Tattoo blue as EU bans colouring inks over cancer concerns

Tattoo blue as EU bans colouring inks over cancer concerns

Brussels: Tattoo parlours say their art will lose a lot of its vibrancy after European Union rules banning thousands of chemicals in their colouring ink kick in on Wednesday. But the 27-nation bloc says public health will be much better served with tougher restrictions on ink elements that may cause cancer or allergies.

The stand-off between regulation and freedom of artistic expression has triggered a torrent of complaints and accusations.

Among the chemicals the European Union is banning in tattoo inks is one used to create black, the most popular colour. Credit:AP

In Amsterdam, Tycho Veldhoen has plied his trade for a quarter century and fears an “enormous impact” on his work once certain colours are banned. “Because, like a painter, you suddenly lose a gigantic part of your palette” with no alternatives in sight.

And he warned it could even get worse next year when more inks currently in use may be banned. Tattoo shops in Europe have had a rough two years since COVID-19 brought restrictions and lockdowns. Now they say a perfectly avoidable crisis is hitting them even harder.

“It is all rather sudden,” Veldhoen said. “There should have been a lot more preparation.”

The EU begs to differ. The bloc says the consultation process began in 2016 while the official regulation heralding Wednesday’s start of restrictions dates back to December 14, 2020.

“So this is not something which is either a surprise or a complete novelty. It is a sort of generalisation of practice which is already existing in quite a few member states,” said EU spokesman Eric Mamer. Seven EU nations already had national restrictions.

Tattoo parlours in Europe have endured a rough two years during the pandemic. Pictured, Paul and Friends tattoo parlour in Brussels, where customers wear face masks while they’re worked on. Credit:AP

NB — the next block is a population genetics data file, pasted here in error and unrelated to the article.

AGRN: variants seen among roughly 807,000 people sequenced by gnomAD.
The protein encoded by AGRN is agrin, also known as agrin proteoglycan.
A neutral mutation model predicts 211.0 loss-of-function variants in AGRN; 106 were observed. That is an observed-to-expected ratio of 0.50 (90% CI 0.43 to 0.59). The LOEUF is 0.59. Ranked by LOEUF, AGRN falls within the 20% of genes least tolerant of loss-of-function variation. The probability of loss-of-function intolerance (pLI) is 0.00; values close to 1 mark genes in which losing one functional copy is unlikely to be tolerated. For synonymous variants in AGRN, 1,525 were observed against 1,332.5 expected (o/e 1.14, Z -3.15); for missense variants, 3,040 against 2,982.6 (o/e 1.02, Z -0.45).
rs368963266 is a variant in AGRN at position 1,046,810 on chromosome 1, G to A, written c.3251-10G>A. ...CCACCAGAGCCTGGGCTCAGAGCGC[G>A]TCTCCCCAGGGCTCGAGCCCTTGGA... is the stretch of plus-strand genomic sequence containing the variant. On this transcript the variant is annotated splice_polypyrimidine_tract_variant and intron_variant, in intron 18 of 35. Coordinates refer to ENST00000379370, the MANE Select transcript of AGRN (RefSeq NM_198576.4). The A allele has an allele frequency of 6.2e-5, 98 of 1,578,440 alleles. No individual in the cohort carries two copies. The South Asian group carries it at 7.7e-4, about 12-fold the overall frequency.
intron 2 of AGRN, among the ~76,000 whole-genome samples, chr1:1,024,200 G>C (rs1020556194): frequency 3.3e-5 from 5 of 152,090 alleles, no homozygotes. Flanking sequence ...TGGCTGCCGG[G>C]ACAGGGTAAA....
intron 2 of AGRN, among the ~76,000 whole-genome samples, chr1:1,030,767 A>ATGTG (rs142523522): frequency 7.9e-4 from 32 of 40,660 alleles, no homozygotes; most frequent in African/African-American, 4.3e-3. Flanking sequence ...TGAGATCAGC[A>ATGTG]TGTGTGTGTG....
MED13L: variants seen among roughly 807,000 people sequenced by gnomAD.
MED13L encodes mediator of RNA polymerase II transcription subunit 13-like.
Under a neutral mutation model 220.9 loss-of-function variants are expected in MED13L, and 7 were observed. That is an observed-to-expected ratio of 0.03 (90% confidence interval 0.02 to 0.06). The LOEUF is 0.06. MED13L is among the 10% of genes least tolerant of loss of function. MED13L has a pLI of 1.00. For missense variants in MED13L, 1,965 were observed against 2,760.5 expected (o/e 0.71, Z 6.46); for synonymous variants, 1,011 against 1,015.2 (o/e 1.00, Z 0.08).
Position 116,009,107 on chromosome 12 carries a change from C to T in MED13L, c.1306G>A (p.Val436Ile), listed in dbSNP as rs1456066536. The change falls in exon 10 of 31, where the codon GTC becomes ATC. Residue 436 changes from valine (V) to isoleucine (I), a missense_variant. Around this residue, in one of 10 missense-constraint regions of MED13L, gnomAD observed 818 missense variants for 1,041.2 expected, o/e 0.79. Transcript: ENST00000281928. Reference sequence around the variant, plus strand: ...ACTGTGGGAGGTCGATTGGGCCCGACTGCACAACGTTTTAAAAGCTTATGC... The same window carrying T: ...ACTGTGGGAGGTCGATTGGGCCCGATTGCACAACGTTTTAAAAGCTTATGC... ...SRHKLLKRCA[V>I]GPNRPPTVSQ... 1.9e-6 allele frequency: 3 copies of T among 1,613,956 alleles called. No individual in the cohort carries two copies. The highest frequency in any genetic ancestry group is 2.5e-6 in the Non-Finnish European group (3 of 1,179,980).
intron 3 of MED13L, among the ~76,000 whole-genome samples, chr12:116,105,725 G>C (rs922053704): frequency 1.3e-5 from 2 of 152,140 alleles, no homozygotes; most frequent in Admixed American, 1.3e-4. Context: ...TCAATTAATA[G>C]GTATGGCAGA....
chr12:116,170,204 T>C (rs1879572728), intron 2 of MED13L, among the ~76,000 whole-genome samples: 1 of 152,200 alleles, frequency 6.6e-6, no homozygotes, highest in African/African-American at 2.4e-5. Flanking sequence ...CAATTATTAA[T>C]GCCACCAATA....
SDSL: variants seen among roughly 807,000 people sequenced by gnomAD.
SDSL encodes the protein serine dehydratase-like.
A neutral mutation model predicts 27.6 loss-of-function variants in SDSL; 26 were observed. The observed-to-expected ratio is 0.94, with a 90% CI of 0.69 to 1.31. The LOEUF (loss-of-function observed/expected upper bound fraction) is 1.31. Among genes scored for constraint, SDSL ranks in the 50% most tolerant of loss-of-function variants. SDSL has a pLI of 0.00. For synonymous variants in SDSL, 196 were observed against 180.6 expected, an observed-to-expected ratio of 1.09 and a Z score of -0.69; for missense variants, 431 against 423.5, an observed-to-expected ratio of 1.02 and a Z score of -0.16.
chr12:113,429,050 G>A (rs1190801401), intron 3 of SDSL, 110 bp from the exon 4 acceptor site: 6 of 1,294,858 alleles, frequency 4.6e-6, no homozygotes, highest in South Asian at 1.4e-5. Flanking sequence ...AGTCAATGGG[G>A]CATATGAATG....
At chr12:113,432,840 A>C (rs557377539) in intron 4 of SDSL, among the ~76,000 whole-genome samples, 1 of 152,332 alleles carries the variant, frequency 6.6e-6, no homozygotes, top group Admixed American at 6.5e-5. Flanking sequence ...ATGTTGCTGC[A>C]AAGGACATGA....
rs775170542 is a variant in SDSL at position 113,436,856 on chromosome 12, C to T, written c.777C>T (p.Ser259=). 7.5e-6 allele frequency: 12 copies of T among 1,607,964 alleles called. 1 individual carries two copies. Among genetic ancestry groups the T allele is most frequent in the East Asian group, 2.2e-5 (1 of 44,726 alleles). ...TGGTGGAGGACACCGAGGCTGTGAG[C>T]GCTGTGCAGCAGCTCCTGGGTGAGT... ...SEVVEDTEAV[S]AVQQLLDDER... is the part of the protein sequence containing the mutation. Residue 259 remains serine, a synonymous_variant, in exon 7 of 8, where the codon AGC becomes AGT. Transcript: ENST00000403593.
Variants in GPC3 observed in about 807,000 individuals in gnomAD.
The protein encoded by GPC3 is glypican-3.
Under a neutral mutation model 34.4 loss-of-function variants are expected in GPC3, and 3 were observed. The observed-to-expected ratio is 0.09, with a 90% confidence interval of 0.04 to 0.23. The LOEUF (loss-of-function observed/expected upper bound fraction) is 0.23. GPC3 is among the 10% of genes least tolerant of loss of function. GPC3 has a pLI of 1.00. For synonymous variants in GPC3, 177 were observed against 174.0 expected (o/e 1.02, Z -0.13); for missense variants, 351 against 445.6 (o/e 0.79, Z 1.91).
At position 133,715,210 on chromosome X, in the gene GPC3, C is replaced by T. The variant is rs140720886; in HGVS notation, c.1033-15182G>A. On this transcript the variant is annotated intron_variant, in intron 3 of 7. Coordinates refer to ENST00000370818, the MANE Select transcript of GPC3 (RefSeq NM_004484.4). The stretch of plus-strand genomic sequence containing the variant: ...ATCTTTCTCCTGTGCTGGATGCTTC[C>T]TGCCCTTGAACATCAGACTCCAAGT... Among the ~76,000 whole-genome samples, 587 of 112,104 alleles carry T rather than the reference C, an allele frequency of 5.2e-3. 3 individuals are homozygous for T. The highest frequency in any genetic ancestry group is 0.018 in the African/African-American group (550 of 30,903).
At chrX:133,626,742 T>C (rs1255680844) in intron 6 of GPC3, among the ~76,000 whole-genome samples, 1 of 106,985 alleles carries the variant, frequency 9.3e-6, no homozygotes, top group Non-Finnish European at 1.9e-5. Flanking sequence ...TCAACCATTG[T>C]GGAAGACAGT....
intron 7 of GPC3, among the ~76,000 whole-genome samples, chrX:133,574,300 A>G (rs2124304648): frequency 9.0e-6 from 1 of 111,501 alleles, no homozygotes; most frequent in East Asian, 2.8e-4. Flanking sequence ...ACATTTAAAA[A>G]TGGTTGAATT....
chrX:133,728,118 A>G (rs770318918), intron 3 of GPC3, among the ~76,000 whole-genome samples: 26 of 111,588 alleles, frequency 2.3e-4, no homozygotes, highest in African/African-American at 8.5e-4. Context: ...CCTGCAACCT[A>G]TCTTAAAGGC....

The European Commission says alternatives to the banned products do exist but tattoo parlours say they’re too slow to come from the manufacturers to their shops.

Angelo Bedani of Brussels’ Boucherie Moderne tattoo parlour said he had nothing to prepare with since the new inks had only become available a week ago. On top of that “a bottle costs double compared to the one we have today”.

At least 12 per cent of Europeans have tattoos, double that number in the 18-35 age group, according to EU figures. In Germany, like Australia, as many as one in five people are estimated to have a tattoo.

The EU’s chemical agency ECHA says that allergic and inflammatory skin reactions “are expected to decrease thanks to the restriction”. It adds that “more serious effects such as cancer, harm to our DNA or the reproductive system potentially originating from chemicals used in the inks could also decrease”.

Around 4000 chemicals will now be banned, including isopropanol alcohol, which is used in many tattoo inks, and polycyclic aromatic hydrocarbons, which are found in the most common tattoo colour, black.

A 2016 report found one in five tattoo inks in use in Australia contained carcinogenic chemicals. Only four tattoo inks out of a sample of 49 submitted for chemical analysis by the national regulator that year complied with European standards. Some inks contained barium, mercury and copper.

Queensland last year proposed bans on potentially carcinogenic tattoo inks, but withdrew its draft laws after local artists said it would be impossible to comply with new standards.

Further restrictions will be introduced in a year’s time. The EU has given a grace period to two common colours, blue and green, to allow time for alternatives to be found.

Michl Dirks, who is behind a “Save the Pigments” petition which has already collected 176,000 signatures in the EU objects to such conditional phrasing and insists the ban is not sufficiently backed by science, something which the EU disputes.

Erich Maehnert, another organiser of the petition, said such bans unduly hurt the industry since people will use illegal ways to get the products from third countries.

“They continue to obtain their tattooing products without any checks and without the possibility of tracing them,” he said. Others say the small tattoo industry is easily targeted while the tobacco and alcohol industries still hold much more sway.

Veldhoen said it leaves him with awful choices when a customer will walk into his Amsterdam shop. “A rose with brown leaves is a lot less attractive than a rose with green leaves,” he said.

AP

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